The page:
Smorgasburg Los Angeles, which launched in June 2016, attracts thousands of guests every Sunday at the Row DTLA development, and is the largest outdoor food market in L.A. It’s also the city’s most vital incubator of independent restaurants.
In September, the New York Times put out its list of the 25 best restaurants in Los Angeles, which included Smorgasburg vendor Macheen and Smorgasburg alums Moo’s Craft Barbecue, Poncho’s Tlayudas and Holy Basil. In May, the high-profile Topanga Social food hall opened at the Westfield Topanga mall with an assortment of former and current Smorgasburg standouts including Wanderlust Creamery, I Love Micheladas, Shrimp Daddy, Katsu Sando and ManEatingPlant.
What’s about to happen next is even more astounding. Holy Basil is working on multiple new restaurants that will showcase its uncompromising Thai food, along with beverages from its sister Smorgasburg vendor, The Base. This is part of an impressive list of forthcoming venues from Smorgasburg-incubated businesses. The roll call of Smorgasburg spots who are in the process of opening their first brick-and-mortar locations includes Lei’d Cookies, B’ivrit, Bridgetown Roti, Mid East Tacos, Little Fish, Kinrose Creamery and 626 Hospitality Group.
On Saturday October 7, Lei’d Cookies co-owners Leilani Terris and James Lewis will debut their first brick-and-mortar standalone shop in Culver City (the same neighborhood where Los Angeles pie queen and Smorgasburg alum Nicole Rucker is working to open her second Fat + Flour bakery). In mid-October, Smorgasburg standouts Saucy Chick Rotisserie and the Goat Mafia will solidify their alliance by opening a restaurant together: Saucy Chick/Goat Mafia (which already received a rave Los Angeles Times review for a temporary Beverly Grove location it recently vacated) will exuberantly merge Indian and Mexican flavors in Pasadena. And because Smorgasburg is a collection of like-minded creators who support one another, Saucy Chick/Goat Mafia will get dough from Lei’d and bake cookies on site.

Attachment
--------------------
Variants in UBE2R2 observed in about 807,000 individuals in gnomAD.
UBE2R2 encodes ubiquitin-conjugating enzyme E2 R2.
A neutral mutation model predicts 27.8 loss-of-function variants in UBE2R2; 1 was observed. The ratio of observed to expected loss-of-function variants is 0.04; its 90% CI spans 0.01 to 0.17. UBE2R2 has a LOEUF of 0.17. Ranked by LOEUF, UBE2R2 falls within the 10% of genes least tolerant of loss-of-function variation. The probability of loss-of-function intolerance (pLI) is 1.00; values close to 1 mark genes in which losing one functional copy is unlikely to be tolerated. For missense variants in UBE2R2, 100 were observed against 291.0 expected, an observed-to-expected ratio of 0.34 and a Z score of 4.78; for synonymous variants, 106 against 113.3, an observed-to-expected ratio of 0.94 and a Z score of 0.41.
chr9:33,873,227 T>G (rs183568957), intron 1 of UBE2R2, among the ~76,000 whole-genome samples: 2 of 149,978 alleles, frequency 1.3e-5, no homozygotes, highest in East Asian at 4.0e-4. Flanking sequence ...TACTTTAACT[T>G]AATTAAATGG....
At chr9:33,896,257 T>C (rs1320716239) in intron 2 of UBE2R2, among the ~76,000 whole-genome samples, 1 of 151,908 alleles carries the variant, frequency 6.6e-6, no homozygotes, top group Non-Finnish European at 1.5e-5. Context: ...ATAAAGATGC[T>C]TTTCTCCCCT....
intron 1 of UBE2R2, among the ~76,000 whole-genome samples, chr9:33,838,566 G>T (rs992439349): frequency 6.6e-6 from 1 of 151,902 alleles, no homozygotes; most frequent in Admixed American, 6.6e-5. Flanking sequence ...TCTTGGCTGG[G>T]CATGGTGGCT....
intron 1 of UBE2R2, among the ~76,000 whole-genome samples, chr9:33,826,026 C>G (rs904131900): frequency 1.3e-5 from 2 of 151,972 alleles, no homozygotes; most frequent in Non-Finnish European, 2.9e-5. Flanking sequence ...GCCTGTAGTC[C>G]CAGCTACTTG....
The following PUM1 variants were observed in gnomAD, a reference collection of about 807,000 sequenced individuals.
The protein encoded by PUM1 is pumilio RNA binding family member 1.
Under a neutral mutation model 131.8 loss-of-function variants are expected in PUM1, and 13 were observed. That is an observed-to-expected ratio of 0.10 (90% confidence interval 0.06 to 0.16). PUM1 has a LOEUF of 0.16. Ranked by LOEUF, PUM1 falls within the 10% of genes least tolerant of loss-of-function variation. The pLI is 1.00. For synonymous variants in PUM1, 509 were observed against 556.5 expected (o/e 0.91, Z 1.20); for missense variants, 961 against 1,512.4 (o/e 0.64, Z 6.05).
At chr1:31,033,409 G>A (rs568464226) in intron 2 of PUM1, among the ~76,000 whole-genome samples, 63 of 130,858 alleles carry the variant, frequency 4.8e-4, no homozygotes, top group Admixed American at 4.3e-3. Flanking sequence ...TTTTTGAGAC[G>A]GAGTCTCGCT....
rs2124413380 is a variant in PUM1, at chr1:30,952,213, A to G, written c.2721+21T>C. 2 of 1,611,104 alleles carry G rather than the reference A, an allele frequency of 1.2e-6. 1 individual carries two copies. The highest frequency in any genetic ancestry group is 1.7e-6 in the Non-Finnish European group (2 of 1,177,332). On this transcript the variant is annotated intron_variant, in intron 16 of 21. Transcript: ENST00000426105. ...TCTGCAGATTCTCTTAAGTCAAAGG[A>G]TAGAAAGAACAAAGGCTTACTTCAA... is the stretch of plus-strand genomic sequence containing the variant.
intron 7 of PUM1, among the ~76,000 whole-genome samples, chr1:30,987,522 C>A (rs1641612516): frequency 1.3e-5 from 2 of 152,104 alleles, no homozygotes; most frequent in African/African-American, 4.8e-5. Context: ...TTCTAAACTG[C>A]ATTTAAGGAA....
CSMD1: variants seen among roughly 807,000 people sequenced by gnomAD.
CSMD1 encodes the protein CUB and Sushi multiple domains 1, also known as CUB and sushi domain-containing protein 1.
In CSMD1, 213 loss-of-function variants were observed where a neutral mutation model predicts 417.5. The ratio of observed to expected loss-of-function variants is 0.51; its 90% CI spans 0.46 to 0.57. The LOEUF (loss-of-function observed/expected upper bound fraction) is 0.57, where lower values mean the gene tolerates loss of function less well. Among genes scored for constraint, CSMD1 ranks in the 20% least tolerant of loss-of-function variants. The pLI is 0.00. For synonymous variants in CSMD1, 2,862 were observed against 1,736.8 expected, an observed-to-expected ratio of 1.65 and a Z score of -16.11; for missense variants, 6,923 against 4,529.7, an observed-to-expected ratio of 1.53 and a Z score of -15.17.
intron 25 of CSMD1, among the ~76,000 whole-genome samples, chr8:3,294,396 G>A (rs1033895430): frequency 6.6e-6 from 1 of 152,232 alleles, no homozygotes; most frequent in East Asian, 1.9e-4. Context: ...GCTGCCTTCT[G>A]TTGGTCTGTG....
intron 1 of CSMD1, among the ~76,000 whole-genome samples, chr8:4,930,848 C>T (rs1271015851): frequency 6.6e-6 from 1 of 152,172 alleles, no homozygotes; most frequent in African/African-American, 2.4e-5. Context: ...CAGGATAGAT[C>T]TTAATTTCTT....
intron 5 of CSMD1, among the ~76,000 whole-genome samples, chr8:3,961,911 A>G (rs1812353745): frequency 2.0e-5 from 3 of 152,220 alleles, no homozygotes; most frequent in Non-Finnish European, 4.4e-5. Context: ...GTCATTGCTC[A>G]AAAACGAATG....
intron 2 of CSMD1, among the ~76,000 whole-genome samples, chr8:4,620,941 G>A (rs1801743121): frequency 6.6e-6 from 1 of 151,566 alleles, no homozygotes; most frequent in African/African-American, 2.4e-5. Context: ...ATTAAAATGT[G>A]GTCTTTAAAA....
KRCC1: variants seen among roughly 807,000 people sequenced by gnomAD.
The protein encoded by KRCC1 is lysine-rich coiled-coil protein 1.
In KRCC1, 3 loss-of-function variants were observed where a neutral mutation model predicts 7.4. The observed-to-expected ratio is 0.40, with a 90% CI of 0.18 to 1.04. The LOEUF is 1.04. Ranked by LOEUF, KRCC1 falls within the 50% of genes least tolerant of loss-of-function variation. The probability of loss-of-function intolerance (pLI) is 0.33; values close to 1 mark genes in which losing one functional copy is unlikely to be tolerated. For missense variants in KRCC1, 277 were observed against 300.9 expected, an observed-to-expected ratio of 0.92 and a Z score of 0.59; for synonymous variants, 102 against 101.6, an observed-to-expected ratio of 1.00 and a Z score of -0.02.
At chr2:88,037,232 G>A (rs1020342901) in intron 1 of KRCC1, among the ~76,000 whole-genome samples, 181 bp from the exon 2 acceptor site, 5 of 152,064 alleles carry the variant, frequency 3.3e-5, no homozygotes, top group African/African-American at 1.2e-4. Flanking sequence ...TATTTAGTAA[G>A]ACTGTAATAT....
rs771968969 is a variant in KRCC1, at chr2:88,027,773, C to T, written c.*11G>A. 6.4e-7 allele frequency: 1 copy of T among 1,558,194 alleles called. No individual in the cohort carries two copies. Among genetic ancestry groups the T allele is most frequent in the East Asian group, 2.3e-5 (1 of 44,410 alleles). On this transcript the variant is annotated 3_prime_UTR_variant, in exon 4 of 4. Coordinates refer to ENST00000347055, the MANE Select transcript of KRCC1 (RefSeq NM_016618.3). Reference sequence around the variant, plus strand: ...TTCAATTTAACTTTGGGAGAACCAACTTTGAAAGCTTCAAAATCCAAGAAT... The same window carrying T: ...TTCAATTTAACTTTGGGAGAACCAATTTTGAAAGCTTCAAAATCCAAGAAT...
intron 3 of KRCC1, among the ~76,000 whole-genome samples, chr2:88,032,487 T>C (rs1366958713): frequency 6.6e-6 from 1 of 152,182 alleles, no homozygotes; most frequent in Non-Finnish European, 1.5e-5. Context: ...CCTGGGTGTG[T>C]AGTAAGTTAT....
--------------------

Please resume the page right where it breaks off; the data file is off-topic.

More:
“This is a community that convenes every single Sunday, rain or shine,” Rhea Patel Michel, who launched Saucy Chick with her husband, Marcel, during the Covid-19 pandemic, told Observer. “An entrepreneur’s journey can be lonely. And the restaurant world is very specific. The margins are slim. It’s high labor. And I think there are a lot of things to connect on, commiserate through, celebrate through. That battle kind of comes to life every Sunday.”
Vendors at Smorgasburg help one another with, among other things, sourcing ingredients and finding staff. They assist one another during catering gigs and festivals. They take turns being mentors and students. And perhaps most important, they understand and respect the hustle they see around them every Sunday.
Saucy Chick/Goat Mafia is about celebrating your roots while finding a new path forward. So, there’s both Indian and Mexican rotisserie chicken, which guests can get inside tacos, burritos and rice bowls or alongside excellent Indian and Mexican sides. There’s a century-plus-old Goat Mafia birria recipe from Jalisco, and the slow-cooked meat from chefs Juan Garcia and Ivan Flores is perfect in a crispy mulita.
Marcel Michel, who also has family from Jalisco, says this is a business that grew out of friendship.